The recording is a very good audience source, the taper sounds close to the stage and the sound is clear and detailed, the instruments and vocals are discernible, although the drums are the lowest in the mix and at times lost in the sound. It does have some hiss present and the frequency range is limited to the middle of the spectrum giving it a somewhat flat sound. Like many recordings that circulated in trading circles, different generations have different sound characteristics, the version here is the best of what circulates yet its generation is unknown, the master tape does not circulate.

The first half of the concert is the Dark Side Of The Moon suite, the recording picks up during the heartbeat introduction and “chapter 5 verses 15-33” and some faint crowd anticipation can be heard and they give the band a nice ovation when they take the stage. Breathe is very laid back and a bit tentative, On The Run is more focused as Rick Wright and David Gilmour get into the groove, Rick’s keys are solid in the recording and we can really enjoy what he is playing as well as adding via the soundscapes. The pre recorded effects are in their infancy too, the tick tock of Time sounds almost rudimentary, Nick’s drums are low in the mix at the beginning but thankfully get louder as the song progresses. After the first verse it begins to sound completely disjointed, Rick starts the transition into the Breathe reprise too early causing the whole band to lose their timing and struggle to finish the song!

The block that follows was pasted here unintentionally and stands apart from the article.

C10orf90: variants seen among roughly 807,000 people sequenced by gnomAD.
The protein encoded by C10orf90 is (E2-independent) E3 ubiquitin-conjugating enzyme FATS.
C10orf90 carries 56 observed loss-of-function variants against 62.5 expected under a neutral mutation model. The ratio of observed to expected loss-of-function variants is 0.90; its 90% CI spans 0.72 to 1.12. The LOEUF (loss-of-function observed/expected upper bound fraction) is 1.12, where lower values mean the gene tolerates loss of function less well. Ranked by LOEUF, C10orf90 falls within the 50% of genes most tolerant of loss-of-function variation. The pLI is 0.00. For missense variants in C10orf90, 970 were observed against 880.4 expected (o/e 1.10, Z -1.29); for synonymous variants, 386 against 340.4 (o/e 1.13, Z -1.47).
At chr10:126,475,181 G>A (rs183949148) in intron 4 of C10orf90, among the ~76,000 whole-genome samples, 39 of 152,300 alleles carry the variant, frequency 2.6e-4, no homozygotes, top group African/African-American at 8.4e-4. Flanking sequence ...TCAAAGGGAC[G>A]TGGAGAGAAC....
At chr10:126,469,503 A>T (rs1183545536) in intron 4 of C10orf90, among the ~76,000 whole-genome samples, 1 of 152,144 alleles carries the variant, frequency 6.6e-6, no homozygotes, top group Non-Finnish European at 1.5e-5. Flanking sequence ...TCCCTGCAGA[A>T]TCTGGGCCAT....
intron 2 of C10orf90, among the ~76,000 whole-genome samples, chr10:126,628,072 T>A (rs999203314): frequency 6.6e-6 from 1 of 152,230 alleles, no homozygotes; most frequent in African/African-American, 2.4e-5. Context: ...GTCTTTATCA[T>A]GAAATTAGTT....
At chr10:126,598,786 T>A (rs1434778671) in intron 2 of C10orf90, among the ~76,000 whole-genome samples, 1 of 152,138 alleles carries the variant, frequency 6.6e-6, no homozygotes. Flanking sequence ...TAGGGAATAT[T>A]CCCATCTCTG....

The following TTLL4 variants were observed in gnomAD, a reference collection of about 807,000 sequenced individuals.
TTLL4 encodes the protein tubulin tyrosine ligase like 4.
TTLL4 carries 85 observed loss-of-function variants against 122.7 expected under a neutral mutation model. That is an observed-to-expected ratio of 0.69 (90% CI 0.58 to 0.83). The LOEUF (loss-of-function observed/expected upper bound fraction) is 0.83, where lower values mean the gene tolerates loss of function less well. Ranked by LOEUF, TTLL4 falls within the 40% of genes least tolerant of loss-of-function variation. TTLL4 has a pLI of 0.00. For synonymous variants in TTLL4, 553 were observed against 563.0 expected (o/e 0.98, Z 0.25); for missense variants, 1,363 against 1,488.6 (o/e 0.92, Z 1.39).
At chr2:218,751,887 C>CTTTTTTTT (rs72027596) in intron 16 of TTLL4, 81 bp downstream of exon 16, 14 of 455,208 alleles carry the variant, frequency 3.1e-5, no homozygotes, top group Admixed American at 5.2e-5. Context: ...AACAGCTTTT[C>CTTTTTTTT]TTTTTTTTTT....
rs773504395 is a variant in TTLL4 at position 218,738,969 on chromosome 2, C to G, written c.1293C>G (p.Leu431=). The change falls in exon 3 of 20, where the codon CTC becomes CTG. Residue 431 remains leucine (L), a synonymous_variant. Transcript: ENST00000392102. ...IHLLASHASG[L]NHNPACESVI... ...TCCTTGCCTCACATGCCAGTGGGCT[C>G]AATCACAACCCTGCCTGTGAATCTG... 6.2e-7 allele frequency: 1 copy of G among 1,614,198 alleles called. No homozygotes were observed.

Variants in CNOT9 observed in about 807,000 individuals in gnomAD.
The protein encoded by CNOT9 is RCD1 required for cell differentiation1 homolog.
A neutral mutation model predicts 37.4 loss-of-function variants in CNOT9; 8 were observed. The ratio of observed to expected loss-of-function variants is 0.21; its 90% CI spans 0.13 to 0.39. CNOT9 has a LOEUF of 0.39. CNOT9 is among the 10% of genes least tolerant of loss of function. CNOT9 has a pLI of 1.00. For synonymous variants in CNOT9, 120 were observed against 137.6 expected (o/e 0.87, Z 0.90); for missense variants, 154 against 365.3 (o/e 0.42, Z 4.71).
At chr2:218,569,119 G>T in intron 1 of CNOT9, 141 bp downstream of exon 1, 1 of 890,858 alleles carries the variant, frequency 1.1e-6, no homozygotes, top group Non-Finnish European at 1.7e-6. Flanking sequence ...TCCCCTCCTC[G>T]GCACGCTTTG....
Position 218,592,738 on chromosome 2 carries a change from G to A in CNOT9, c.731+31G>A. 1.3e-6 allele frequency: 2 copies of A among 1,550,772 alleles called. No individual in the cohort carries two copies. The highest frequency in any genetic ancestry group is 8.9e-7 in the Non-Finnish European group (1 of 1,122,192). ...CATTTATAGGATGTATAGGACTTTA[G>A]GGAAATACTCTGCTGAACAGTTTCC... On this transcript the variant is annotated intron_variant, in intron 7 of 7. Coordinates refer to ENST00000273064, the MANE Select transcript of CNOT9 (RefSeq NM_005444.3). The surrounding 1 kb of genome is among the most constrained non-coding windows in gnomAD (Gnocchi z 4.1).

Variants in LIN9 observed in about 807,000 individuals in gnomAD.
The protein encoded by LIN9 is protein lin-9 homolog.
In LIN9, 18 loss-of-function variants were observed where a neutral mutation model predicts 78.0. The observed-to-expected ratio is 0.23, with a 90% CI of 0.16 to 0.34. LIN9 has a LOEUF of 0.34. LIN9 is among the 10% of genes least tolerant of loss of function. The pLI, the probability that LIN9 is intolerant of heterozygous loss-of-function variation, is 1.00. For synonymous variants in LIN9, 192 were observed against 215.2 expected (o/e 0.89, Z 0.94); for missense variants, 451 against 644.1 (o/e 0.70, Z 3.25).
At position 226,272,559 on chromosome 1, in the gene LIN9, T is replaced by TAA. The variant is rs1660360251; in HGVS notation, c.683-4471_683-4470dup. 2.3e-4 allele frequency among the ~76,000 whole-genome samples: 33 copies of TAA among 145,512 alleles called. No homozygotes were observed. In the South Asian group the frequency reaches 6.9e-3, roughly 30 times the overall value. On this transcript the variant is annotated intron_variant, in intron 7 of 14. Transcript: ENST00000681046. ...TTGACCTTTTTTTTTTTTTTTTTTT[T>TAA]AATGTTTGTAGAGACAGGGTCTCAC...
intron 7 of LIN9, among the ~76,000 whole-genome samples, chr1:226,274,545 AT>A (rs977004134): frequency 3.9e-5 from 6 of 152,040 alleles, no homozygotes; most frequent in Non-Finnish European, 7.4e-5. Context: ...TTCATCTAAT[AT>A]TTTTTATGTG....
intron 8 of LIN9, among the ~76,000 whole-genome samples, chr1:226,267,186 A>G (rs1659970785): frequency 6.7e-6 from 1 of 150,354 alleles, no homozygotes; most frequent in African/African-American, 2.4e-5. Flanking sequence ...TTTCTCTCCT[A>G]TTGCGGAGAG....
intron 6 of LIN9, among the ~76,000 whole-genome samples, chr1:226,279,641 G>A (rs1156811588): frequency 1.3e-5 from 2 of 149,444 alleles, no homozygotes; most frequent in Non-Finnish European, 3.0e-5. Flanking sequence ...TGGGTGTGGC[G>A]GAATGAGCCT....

I love The Mortality Sequence, the biblical readings and rants by Malcolm Muggeridge inserted over Rick’s organ and at times, the sounds of a rooster lends to the vast aural painting the group is creating and must have been almost shocking to some in attendance. Money has the full band back proper and is quite dynamic, even at this early stage the song has a certain swing to it. I often wonder if David was imaging some of the leads would actually be saxophone at some point, as usual his most fiery playing of the first half is during Money. Rick plays a few floating notes that pull the band down to Earth and they begin the transition into Us And Them. The song walks the fine line between the melancholy and the bombastic, the spoken word tape in the middle sounds quite interesting, the sound moves around a bit during this song although I am unsure if it’s the band’s sound system or taper.